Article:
A new bill unveiled this week advocates increased transparency to existing court-ordered surveillance laws, requiring individuals to be made aware of the monitoring of their communications.

The Government Surveillance Transparency Act places new limits on how long surveillance material can be sealed for, and would require law enforcement officials at federal and state levels to alert individuals being surveilled, NextGov reports. 

Sponsored by Sens. Ron Wyden, D-Ore.; and Sen. Steve Daines, R-Mont., the bill aims to promote transparency on the thousands of criminal surveillance warrants ordered by courts each year. It specifically works to include digital communications, such as e-mails and search histories, as well as more traditional calls and wiretaps.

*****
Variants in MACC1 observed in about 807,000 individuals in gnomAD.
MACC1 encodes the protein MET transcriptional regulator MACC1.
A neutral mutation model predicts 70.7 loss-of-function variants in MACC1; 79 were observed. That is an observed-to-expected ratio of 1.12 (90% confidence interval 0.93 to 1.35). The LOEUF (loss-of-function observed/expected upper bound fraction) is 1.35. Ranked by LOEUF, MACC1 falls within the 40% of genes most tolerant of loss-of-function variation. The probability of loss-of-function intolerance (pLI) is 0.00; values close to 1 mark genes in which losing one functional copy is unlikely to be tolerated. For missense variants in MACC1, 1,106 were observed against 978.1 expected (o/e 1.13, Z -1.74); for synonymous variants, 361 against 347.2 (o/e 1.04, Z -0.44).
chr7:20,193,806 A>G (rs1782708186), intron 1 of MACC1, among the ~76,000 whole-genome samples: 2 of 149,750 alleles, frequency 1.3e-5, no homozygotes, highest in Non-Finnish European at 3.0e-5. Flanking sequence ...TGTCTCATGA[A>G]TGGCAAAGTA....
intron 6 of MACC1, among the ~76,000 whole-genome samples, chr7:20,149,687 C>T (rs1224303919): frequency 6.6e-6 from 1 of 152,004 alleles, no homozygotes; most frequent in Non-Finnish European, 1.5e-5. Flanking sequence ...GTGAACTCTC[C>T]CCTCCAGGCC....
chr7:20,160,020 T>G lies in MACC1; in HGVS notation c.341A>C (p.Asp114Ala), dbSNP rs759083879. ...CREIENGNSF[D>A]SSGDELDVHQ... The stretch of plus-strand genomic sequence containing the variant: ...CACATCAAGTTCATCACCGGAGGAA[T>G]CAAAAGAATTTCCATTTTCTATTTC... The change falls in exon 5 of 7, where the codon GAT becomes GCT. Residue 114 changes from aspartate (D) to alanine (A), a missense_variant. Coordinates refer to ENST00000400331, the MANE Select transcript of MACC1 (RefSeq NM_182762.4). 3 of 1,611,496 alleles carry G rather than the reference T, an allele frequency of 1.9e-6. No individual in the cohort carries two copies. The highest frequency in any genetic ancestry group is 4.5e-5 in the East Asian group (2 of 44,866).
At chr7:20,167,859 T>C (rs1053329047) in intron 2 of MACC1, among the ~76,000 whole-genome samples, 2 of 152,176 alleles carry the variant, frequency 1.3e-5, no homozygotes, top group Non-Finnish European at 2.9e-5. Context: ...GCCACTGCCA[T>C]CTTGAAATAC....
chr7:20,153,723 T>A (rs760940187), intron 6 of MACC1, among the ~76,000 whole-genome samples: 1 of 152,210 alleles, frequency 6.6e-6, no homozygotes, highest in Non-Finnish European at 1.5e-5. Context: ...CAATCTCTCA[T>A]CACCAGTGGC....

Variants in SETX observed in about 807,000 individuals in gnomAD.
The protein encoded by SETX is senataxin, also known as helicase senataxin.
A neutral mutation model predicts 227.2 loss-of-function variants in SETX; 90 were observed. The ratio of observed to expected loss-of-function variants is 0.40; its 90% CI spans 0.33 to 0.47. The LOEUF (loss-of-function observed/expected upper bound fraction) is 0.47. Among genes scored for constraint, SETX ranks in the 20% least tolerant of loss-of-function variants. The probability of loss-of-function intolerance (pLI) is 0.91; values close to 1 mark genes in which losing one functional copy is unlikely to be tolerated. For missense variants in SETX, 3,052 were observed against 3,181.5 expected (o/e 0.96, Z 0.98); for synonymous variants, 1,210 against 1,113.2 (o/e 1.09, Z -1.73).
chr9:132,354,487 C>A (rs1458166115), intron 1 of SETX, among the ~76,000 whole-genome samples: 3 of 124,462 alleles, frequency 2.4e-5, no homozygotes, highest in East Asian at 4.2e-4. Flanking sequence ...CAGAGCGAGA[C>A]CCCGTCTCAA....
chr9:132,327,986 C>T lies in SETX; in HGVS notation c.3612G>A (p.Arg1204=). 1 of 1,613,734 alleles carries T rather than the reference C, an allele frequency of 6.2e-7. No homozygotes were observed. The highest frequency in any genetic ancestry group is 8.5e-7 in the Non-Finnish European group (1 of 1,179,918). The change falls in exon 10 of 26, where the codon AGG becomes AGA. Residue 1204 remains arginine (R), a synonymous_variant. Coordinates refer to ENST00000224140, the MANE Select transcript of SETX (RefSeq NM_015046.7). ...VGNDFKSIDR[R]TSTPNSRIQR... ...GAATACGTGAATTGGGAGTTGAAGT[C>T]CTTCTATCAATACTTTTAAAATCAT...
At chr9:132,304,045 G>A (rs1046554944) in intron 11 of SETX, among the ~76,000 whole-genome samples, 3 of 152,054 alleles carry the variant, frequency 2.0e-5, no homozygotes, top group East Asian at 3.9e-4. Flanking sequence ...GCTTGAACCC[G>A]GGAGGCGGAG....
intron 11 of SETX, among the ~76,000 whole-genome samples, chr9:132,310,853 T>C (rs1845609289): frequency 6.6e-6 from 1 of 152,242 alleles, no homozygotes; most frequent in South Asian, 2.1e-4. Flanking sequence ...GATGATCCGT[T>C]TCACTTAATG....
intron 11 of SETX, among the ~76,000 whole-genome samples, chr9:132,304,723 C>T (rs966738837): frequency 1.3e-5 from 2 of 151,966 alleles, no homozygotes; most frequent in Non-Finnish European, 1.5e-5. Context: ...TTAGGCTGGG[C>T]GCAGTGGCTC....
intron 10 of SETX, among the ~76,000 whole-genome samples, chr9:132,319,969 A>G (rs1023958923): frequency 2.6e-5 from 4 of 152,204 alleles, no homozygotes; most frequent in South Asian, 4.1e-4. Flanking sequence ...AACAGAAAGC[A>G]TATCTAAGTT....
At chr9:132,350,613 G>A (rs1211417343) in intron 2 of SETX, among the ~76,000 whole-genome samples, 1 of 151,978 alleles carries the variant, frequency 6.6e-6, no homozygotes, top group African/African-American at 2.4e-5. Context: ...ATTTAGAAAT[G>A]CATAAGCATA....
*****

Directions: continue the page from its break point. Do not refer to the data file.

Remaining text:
The pending legislation does carry exceptions: while it calls for non-disclosure orders for people undergoing court-ordered surveillance, it notes that special mitigating circumstances allow law enforcement to withhold surveillance information past 180 days. These conditions revolve around whether or not discussing the surveillance would jeopardize a criminal case or threaten the life of an individual.

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